Forrest and me looking at property for me to buy

Then finally things started to really improve, Forrest was able to buy a plot of land with the help of his folks. Forrest could not work a traditional money earning job, nor pursue a vocation, nor utilize his brilliant mind because of the enormous cost of medical treatments…it was necessary that he remain on funded aide to pay those bills. He dreamed of doing his masters, maybe more but it didn’t happen. Getting the land was an anxiety ridden tortuous process but he preserved. The land was inexpensive as it needed extensive clean up. He toiled, he labored, he joined work parties and shared, he did everything for others in the hopes they’d do a little for him. He’s the collective, cooperative, potluck, home-grown local music and drum circle bonfires with friends type. Honest, sincere, he meditates in silence; yes, sometimes moody and sensitive. He’s a go-getter…. oh I keep forgetting to say “was” Forrest will always be alive to me.

Forrest really hears a person when they speak, he asks questions rather than dictating what another thinks, he weighs things before giving an idea and his ideas tend to be brilliant or at least in line with a persons true self. There is laughter and goodness. He pays attention and uses his brain, his shortcomings revolve on his internal processes. I’ve seen him get bogged down working himself into an endless loop with a problem that requires a solution he doesn’t like.

So once he obtained his property something wonderful happened. Forrest became Forrest again, there was ground under his feet. Something to give him pride and confidence. This happened recently; he showed me how he cleaned up the parcels…two of them together making a 5 acre spread right in the center of California in North Fork. He had everything to live for, things were smoothing out with his girl friend, the future was looking bright. The last conversation he and I will ever have, he told me that I too needed to get property, it made all the difference, it gave him happiness and he was sure it was what I needed too. Working on your own place, building what you want, what you need.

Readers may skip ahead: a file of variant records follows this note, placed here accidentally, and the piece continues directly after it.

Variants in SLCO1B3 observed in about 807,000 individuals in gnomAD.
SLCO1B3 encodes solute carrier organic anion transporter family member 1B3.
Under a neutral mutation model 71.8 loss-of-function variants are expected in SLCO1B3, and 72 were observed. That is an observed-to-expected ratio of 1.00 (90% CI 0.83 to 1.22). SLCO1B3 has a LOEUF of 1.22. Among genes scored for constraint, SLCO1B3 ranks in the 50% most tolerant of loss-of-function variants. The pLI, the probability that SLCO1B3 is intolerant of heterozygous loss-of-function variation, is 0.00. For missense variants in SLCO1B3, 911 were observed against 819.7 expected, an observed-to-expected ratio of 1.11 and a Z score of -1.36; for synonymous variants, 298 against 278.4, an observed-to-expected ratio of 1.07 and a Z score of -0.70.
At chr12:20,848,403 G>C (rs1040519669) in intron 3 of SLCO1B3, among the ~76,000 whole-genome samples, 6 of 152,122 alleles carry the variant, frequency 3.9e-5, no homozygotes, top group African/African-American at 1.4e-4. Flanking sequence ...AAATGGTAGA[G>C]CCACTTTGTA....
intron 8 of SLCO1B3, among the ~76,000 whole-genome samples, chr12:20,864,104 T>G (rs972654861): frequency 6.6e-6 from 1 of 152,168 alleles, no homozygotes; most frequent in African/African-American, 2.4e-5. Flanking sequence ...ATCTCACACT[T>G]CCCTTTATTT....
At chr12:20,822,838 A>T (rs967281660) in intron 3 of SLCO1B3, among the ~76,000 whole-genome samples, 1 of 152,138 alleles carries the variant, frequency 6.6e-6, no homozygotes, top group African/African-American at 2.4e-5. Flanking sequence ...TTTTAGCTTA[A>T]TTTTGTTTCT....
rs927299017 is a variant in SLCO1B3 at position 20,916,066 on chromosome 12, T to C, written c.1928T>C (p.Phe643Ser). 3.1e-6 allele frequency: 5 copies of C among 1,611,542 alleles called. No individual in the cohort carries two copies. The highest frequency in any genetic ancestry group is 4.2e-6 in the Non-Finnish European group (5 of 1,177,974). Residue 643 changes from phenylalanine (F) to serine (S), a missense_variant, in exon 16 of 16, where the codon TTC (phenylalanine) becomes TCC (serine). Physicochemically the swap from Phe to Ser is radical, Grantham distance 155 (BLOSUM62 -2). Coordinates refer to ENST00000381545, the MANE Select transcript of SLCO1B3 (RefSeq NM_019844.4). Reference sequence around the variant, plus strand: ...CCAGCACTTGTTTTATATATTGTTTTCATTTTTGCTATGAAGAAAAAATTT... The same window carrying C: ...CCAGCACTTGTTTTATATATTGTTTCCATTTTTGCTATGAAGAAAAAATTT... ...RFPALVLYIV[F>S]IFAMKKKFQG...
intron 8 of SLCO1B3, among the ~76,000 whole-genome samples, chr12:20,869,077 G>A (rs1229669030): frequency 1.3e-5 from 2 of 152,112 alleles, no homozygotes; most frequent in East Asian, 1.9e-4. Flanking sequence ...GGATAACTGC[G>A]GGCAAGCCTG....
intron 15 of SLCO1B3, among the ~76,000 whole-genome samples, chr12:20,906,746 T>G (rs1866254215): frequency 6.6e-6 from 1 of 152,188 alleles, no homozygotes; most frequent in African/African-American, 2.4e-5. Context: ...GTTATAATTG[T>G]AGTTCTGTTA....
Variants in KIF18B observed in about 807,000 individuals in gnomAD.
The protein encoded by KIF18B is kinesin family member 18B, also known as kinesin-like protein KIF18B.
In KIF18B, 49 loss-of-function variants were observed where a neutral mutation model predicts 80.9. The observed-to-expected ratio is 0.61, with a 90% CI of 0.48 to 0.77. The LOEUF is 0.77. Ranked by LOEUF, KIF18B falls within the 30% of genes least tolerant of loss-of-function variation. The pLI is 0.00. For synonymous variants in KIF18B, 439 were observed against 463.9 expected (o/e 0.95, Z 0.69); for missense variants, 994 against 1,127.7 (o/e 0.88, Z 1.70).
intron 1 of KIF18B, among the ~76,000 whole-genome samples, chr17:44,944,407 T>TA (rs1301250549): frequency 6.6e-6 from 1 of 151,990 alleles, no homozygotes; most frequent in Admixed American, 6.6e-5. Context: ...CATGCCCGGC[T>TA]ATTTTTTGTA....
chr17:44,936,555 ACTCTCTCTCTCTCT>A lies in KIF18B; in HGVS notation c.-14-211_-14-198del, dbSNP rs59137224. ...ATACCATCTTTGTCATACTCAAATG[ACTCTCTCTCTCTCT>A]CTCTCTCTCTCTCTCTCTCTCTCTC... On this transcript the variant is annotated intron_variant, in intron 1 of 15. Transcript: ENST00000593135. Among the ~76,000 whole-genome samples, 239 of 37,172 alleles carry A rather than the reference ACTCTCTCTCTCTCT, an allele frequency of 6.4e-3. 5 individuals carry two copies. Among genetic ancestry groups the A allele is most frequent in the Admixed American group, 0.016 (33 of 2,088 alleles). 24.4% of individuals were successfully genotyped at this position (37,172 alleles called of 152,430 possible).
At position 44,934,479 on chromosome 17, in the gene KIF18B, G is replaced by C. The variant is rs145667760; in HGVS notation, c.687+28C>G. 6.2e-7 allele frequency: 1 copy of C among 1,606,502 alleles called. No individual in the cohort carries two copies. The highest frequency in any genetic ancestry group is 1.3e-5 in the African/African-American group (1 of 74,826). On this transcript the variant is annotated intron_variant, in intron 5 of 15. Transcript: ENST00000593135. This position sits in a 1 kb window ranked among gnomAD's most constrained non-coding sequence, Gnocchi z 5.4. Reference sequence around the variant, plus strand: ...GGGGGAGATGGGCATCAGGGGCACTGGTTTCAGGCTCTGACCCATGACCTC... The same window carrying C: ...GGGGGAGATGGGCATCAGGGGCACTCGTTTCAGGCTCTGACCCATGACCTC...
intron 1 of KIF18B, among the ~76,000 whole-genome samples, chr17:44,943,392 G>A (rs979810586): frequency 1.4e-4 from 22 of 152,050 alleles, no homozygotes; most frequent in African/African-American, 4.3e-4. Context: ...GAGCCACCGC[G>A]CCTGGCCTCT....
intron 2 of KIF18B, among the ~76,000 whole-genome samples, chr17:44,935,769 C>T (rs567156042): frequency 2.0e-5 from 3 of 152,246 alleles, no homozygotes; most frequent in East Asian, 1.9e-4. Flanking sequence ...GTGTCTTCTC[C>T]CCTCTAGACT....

Not yesterday, but the day before he planted roses on his land, he worked hard in the sun. It’s hot in North Fork this time of year; there was a lot of hard labor to be done. He came home to take a nap, woke around 8 o’clock feeling dizzy, then he lost consciousness. His girlfriend performed CPR heroically until the medics arrived; she was there with him, she said it was a peaceful death.

There are scores of us in shock, maybe hundreds, Forrest was well loved.

He got to see the LT, he liked it. I expected him to be around to continue to read my blog, to continue to share his rants, his joys, his discoveries, to continue to listen when I felt lost, to be the one who knows all about me and who understands. His girlfriend’s home is crowded, her family have gathered ’round, friends are pouring in support. I am alone. I miss Forrest and it’s only the beginning.

Only one more thing, Forrest and I had a falling out. there was a long time when we didn’t talk every week or every other week.  It only ended recently, I was sad about it, but now I know it was practice, it gave me practice for the long haul ahead.

Yes these walls are made of Straw Bale!

In his youth

He kept that look all his life. . . it would turn into a smile 🙂